Learning How to Invest in Me

So, how did I fail at putting on my oxygen mask? For starters, I didn’t sleep much or regularly. Studies show that lack of sleep increases inner tension and makes you much less effective and prone to mistakes. I found myself testy and much less patient with my children. I was more likely to get frustrated, found comfort in food and gained weight, and constantly thought about what I needed to do next. I tried to be the best “me” for others, not necessarily to myself. Unfortunately, the fact that I was not taking care of myself eventually began to interfere with my ability to do my job well and be the mother I wanted to be.

A turning point for me was when a few close friends encouraged me to exercise as a healthy release. First, I walked. I loved being outdoors observing nature. I felt like I was a part of a broader universe. Then, I took up running and got a taste of endorphins that seemed to lighten any load. I eventually did weight training, and I’d think about my challenges and figure out ways to overcome them.

People who really love you want you to be happy, even if it takes some time away from them.

What a difference! I released stress, cultivated a “can-do” attitude, and felt very happy not, about anything in particular but everything in general. The endorphins triggered a natural high and I’d come home singing or kissing my children. If the kids messed something up, I’d be more likely to say, “It’s OK. You didn’t mean to do that, honey. No problem.” I could move with an inner joy and light instead of inner tension and heaviness, even in the midst of craziness.

To this day, exercise gets me centered. It got to the point where my children will say, “Mom, why don’t you go work out?” 😉 People who really love you want you to be happy, even if it takes some time away from them. My loved ones have come to see that the time I do spend with them is better when I’ve spent some time on myself. It is more “quality” time because I’m happier in general.

I still focused on crossing off items on my to-do list, but now life was fuller and more balanced simply because I was taking care of myself. I hadn’t discovered a magic potion. All I did was commit some time to myself to do things that added to my joy, like walking in the woods and working out. It was just when I realized that I, too, deserved some of the time and love I gave instinctively to others that I discovered it also enhanced my interactions with my loved ones and the joy I found in my job.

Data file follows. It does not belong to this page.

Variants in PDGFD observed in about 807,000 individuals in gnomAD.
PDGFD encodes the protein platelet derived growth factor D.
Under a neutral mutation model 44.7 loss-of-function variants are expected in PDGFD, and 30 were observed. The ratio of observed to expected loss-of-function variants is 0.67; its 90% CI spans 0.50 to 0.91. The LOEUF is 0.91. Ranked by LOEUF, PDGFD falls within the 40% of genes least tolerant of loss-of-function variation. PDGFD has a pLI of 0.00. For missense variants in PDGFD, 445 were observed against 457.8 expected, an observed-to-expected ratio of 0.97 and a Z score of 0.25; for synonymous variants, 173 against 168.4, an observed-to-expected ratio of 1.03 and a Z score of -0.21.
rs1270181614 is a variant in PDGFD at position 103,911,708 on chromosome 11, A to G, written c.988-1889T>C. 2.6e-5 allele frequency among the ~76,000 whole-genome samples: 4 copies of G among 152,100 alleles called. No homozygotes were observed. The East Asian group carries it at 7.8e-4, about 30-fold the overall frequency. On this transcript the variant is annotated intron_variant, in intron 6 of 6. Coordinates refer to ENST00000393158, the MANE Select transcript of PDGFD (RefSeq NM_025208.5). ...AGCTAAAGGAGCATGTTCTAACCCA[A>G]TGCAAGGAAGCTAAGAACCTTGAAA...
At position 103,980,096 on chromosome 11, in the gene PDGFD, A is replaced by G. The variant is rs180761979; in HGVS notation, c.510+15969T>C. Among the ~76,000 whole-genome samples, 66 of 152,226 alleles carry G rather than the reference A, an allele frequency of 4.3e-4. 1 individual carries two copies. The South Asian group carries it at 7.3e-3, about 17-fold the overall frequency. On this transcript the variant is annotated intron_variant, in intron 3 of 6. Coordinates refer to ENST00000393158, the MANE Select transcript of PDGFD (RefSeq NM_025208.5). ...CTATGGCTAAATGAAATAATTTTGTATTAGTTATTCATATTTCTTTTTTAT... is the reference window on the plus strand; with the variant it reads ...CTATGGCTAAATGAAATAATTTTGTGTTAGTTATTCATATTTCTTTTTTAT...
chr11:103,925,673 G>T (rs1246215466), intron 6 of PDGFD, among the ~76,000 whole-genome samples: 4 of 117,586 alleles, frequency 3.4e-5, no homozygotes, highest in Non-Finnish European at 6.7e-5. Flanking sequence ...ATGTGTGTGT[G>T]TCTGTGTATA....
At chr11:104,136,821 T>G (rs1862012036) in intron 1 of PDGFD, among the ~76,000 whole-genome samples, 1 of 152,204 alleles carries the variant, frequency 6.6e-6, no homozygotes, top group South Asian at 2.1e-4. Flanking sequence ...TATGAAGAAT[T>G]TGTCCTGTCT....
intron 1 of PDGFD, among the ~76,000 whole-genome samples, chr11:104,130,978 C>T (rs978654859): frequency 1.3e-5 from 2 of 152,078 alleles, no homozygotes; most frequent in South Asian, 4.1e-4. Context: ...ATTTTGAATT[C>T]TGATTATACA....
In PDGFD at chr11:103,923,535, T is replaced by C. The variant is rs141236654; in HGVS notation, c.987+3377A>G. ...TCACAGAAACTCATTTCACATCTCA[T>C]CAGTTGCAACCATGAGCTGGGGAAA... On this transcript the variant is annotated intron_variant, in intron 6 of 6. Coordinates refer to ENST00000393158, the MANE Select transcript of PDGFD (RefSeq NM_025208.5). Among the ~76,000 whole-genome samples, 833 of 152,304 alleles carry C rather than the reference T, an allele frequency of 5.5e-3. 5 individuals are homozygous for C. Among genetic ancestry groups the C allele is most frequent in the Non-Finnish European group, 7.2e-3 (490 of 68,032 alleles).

Almost counter-intuitively, taking time for ourselves can help us deal with other responsibilities more effectively. (Photo Credit: Anni C)

The Power of Modeling

Most birds learn how to fly by watching their mothers soar and then taking the leap themselves. Our children pay attention to us. My role models did not make time for themselves. If we want our loved ones to thrive, then they need to see us doing the same. Therefore, the best way that we can teach our loved ones to fly is to make sure we are soaring.

Is it selfish to be so focused on self? No, especially if you’re juggling too much and in danger of coming unraveled. To all care providers, men and women who are being pulled to provide to many, please know that not only is it not selfish to put on your oxygen mask, but it is also wise to do so.

Most birds learn how to fly by watching their mothers soar and then taking the leap themselves… If we want our loved ones to thrive, then they need to see us doing the same.

A few people I know cringe or scowl when they hear me advocate the oxygen mask philosophy. They argue that focusing on and prioritizing one’s self is, by definition, selfish and that life is a zero-sum game where resources spent on self are at the expense of loved ones. I argue that the Oxygen Mask Mantra (OMM) involves two parts and is about taking care of self so that you can adequately take care of others, making the approach inherently balanced.

“Happy moms” are willing to assess situations, decide what is needed, and act accordingly. “Unhappy moms” struggle to do for themselves, because they sometimes worry about what others might think of them or their decisions. With a bird’s-eye view of the needs of those in our lives, we must allocate resources accordingly.

Choose to invest in you, take care of yourself, and secure your oxygen mask in the way that serves you well, even if criticized as selfish for doing so. You—we—are worth it. Our loved ones will benefit and learn by example.

Now that you have been instructed, make sure your seatbelt is buckled and soar.